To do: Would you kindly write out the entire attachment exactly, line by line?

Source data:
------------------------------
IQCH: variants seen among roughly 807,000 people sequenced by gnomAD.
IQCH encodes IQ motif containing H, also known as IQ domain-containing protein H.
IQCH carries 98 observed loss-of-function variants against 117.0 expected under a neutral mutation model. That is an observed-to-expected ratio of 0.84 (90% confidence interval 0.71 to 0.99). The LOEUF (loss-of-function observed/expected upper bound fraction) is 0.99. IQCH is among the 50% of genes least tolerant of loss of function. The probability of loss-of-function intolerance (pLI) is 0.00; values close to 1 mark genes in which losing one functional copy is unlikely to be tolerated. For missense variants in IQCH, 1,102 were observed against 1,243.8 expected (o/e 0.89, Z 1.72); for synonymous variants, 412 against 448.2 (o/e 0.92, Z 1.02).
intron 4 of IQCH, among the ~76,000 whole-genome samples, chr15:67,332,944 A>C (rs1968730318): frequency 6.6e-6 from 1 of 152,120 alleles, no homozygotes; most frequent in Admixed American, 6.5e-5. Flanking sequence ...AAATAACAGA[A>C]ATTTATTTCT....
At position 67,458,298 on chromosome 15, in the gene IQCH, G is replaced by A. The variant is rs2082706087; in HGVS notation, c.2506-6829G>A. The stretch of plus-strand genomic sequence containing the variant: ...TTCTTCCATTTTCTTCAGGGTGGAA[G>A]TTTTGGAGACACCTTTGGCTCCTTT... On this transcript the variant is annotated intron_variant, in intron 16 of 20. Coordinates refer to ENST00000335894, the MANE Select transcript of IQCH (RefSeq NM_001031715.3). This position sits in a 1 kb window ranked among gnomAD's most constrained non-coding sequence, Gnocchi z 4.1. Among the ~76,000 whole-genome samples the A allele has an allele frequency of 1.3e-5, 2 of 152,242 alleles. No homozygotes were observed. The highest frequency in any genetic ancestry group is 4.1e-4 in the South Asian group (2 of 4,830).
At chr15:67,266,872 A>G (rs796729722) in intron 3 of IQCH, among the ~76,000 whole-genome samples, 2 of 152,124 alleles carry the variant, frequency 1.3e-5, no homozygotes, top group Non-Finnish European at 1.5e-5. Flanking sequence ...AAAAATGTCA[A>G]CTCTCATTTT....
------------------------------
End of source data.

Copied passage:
IQCH: variants seen among roughly 807,000 people sequenced by gnomAD.
IQCH encodes IQ motif containing H, also known as IQ domain-containing protein H.
IQCH carries 98 observed loss-of-function variants against 117.0 expected under a neutral mutation model. That is an observed-to-expected ratio of 0.84 (90% confidence interval 0.71 to 0.99). The LOEUF (loss-of-function observed/expected upper bound fraction) is 0.99. IQCH is among the 50% of genes least tolerant of loss of function. The probability of loss-of-function intolerance (pLI) is 0.00; values close to 1 mark genes in which losing one functional copy is unlikely to be tolerated. For missense variants in IQCH, 1,102 were observed against 1,243.8 expected (o/e 0.89, Z 1.72); for synonymous variants, 412 against 448.2 (o/e 0.92, Z 1.02).
intron 4 of IQCH, among the ~76,000 whole-genome samples, chr15:67,332,944 A>C (rs1968730318): frequency 6.6e-6 from 1 of 152,120 alleles, no homozygotes; most frequent in Admixed American, 6.5e-5. Flanking sequence ...AAATAACAGA[A>C]ATTTATTTCT....
At position 67,458,298 on chromosome 15, in the gene IQCH, G is replaced by A. The variant is rs2082706087; in HGVS notation, c.2506-6829G>A. The stretch of plus-strand genomic sequence containing the variant: ...TTCTTCCATTTTCTTCAGGGTGGAA[G>A]TTTTGGAGACACCTTTGGCTCCTTT... On this transcript the variant is annotated intron_variant, in intron 16 of 20. Coordinates refer to ENST00000335894, the MANE Select transcript of IQCH (RefSeq NM_001031715.3). This position sits in a 1 kb window ranked among gnomAD's most constrained non-coding sequence, Gnocchi z 4.1. Among the ~76,000 whole-genome samples the A allele has an allele frequency of 1.3e-5, 2 of 152,242 alleles. No homozygotes were observed. The highest frequency in any genetic ancestry group is 4.1e-4 in the South Asian group (2 of 4,830).
At chr15:67,266,872 A>G (rs796729722) in intron 3 of IQCH, among the ~76,000 whole-genome samples, 2 of 152,124 alleles carry the variant, frequency 1.3e-5, no homozygotes, top group Non-Finnish European at 1.5e-5. Flanking sequence ...AAAAATGTCA[A>G]CTCTCATTTT....